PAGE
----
Free will as opposed to determinism is the idea that we as human beings have the ability to choose our own actions. This idea has been debated upon throughout the history of philosophy and four different view points arrived with their own reasoning to back them up. These views are:
- Libertarianism :which is an incompatibilist position, argues that free will is logically incompatible with a deterministic universe and that agents have free will, and that, therefore, determinism is false.
- Compatibilism: is the thesis that free will is compatible with determinism. Because free will is typically taken to be a necessary condition of moral responsibility
- Hard Incompatibility : the view that a deterministic universe is completely at odds with the notion that persons have a free will; that there is a dichotomy between determinism and free will where philosophers must choose one or the other.
- Revisionism: the picture of free will and moral responsibility embedded in commonsense is in need of revision, but not abandonment.
I will not go into much detail on their specifics in this entry, but I believe they can give a good background on the controversies among the philosophical community.
Let’s first take in Ayer’s perspective on the matter; when discussing the act of stealing, Ayer believes the common thief is exercising free will as opposed to a kleptomaniac who is not; a Kleptomaniac, a person who enjoys the act of stealing so much they perform such acts for reasons other than personal or financial gain. They have strong urges or impulses for stealing which they cannot help avoiding, hence the psychiatric classification of Kleptomania as an impulse control disorder. A Kleptomaniac will act on his/ hers impulse regardless of their desire; they may be conscious that stealing is wrong, so they may try to convince themselves not to steal, but since they are addicted to the emotional response of stealing they reach a point where they no longer have any control.
On the other hand, common thieves act in accordance with their own will. They may choose to steal due to a financial reason or for some personal pleasure they may gain. They always have the choice of stealing with no prior attachment to the act of stealing.
From Ayer’s perspective, free will can be defined as the ability to act in unison with our desires without any constraint. Although our actions can be explained by analysing our reasons for why we would be compelled to act in such a manner, they fail to recognize we have the free will to choose otherwise. The Laws of Nature may account for our behavioural patterns; however, Ayer believes that it does not necessarily dictate our actions in a matter of determinism.
I believe that Ayer’s perspective is very reasonable with the assumption that we personally choose our actions, and that we are in direct control of our decisions. But if you perceive choice as the act of hesitation before deciding, where we try to analyze every single possibility before acting, we soon realize that we can’t consciously analyze every single situation to its fullest and even with our constant worrying about a major life decision we still rely on intuition to dictate our actions.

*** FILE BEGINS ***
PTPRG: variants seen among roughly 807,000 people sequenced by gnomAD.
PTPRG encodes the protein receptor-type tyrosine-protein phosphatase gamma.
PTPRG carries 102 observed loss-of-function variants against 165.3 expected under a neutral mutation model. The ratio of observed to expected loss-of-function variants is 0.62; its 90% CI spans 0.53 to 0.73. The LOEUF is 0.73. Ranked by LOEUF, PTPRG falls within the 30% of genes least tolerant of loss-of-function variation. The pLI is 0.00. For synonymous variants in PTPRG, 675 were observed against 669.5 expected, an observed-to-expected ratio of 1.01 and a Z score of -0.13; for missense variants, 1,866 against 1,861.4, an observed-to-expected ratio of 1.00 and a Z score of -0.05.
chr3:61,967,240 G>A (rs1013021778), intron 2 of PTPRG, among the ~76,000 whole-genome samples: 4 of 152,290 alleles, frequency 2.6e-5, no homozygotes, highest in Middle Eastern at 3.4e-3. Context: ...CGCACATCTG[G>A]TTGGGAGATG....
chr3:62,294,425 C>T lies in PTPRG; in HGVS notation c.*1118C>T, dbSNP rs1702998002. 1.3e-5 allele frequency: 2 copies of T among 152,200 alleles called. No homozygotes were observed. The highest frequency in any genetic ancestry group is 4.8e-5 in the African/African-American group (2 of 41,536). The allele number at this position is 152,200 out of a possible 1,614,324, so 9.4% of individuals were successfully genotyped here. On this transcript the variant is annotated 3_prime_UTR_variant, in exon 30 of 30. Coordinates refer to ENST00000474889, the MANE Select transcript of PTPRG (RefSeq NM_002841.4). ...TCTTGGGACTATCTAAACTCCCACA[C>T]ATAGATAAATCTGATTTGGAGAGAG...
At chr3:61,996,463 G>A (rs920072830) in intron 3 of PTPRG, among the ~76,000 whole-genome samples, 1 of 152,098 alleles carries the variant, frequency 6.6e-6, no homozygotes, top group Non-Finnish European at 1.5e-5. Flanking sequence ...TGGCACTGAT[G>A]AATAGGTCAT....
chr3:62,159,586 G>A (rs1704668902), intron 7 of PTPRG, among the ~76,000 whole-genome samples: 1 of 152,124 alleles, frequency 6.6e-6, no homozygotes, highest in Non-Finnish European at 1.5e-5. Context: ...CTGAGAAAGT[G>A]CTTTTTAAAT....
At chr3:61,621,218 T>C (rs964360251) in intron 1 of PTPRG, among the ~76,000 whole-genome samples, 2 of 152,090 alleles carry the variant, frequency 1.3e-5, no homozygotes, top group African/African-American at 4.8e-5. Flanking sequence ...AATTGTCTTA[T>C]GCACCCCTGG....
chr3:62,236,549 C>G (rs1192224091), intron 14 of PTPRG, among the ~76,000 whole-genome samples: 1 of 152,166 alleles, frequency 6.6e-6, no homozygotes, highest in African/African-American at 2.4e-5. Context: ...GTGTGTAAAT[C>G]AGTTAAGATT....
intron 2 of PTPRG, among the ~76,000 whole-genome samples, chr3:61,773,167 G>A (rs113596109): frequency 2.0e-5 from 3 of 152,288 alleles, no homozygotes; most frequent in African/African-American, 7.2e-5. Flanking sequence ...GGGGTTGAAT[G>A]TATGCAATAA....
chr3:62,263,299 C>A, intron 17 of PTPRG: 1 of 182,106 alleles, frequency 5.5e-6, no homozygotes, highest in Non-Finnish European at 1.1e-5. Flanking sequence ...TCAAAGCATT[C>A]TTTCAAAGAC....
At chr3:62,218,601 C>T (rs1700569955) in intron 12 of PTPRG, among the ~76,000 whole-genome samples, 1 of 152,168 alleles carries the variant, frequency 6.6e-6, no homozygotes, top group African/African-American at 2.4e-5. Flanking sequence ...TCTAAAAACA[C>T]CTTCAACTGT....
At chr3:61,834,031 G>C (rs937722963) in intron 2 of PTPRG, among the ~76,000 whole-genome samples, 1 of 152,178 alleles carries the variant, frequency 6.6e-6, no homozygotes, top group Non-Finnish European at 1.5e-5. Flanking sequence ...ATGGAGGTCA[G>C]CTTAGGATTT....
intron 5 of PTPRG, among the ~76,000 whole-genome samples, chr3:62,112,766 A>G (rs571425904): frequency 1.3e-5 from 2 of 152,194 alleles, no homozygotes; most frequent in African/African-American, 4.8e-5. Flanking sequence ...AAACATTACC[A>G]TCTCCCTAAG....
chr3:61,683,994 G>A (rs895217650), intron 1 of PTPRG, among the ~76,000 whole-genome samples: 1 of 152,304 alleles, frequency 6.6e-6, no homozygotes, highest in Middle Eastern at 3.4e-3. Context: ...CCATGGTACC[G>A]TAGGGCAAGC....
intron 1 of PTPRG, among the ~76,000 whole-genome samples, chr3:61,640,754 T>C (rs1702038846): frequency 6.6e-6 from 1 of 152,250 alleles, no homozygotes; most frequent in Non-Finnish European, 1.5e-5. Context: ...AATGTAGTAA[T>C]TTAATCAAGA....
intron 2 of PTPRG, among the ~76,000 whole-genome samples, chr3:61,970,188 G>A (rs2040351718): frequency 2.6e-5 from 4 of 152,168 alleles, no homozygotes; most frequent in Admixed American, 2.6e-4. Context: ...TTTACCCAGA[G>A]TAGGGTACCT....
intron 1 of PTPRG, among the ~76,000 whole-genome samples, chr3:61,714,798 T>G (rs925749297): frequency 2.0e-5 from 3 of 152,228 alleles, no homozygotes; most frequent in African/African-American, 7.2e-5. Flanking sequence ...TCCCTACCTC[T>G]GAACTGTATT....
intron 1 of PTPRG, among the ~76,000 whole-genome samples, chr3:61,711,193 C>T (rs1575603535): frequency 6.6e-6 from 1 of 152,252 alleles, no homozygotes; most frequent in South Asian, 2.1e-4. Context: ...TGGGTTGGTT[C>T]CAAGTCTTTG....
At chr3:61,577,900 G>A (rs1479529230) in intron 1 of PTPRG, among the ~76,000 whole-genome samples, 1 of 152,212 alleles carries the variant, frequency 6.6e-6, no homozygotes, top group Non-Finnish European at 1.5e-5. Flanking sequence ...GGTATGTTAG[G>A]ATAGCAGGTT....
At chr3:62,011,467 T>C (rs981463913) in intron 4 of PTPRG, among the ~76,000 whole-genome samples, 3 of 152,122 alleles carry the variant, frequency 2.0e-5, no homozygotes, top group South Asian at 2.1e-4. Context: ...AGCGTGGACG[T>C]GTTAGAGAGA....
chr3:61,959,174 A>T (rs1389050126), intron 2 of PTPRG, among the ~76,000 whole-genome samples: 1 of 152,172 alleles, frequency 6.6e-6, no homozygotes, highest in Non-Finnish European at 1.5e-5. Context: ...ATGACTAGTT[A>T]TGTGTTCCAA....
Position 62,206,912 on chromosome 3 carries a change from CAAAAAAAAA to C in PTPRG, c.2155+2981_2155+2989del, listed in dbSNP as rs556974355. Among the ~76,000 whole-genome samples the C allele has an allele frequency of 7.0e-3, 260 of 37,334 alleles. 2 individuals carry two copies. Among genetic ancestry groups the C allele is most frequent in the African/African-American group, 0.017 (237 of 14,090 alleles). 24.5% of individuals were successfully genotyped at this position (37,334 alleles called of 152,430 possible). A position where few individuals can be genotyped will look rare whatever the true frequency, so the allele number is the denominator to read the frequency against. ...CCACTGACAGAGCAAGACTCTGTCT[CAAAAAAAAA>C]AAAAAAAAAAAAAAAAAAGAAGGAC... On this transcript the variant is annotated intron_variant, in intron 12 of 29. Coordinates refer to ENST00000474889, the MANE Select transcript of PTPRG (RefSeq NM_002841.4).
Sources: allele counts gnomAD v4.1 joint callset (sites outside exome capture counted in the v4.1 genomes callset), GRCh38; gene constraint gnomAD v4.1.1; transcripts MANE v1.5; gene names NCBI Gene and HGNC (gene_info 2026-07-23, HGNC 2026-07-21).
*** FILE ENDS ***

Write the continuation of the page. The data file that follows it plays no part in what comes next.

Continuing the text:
My point is that in the way in which a person suffering with a disorder such as Kleptomania is not considered to be practising their free will due to their inability to control certain thought processes, a common person may be under the same strain. However, because of our compliance with “our” decision, we don’t bother analysing our thought process, and we simply accept this decision as our own.
If we are happy with the decisions that we have made, we do not question our ability to choose our actions. The moment we are unhappy with our decision we suddenly wonder if it was us truly doing it, as if to say : “Why would I choose to make myself unhappy?”. But you see, in the way You caused the action to happen, You are also the person it happens to.
This concept could be used to analyze the way in which we learn. When we “realize” that we have made a mistake, the next time the situation arrises we begin to speculate on our options and try to figure out which path we should take. But, by doing this you no longer feel in control and you start asking questions such as : “Is there free will?”.
And so with that in mind, considering that the “feeling” of the lack of free will is simply due to our constant worrying and indecisiveness. We can come to the idea that the only times where we were fully in control (without the hesitation and worrying), are the first instances of doing anything, such as the actions of a child who does not know right from wrong.
That is why, in Zen philosophy it is considered the way of life without hesitation or to simply have the view-point of a child. It is being in tune with yourself so much so, that when it comes time to make a decision, the decision is already made. Although this may seem like a lack of free will since you no longer have choices. Keep in mind that you no longer have choices because you no longer worry or hesitate when acting, therefore if anything, you would feel in full control over every action you make.
The less you try to control your future, the more control you will actually have over your own actions.
– Amphibious Thoughts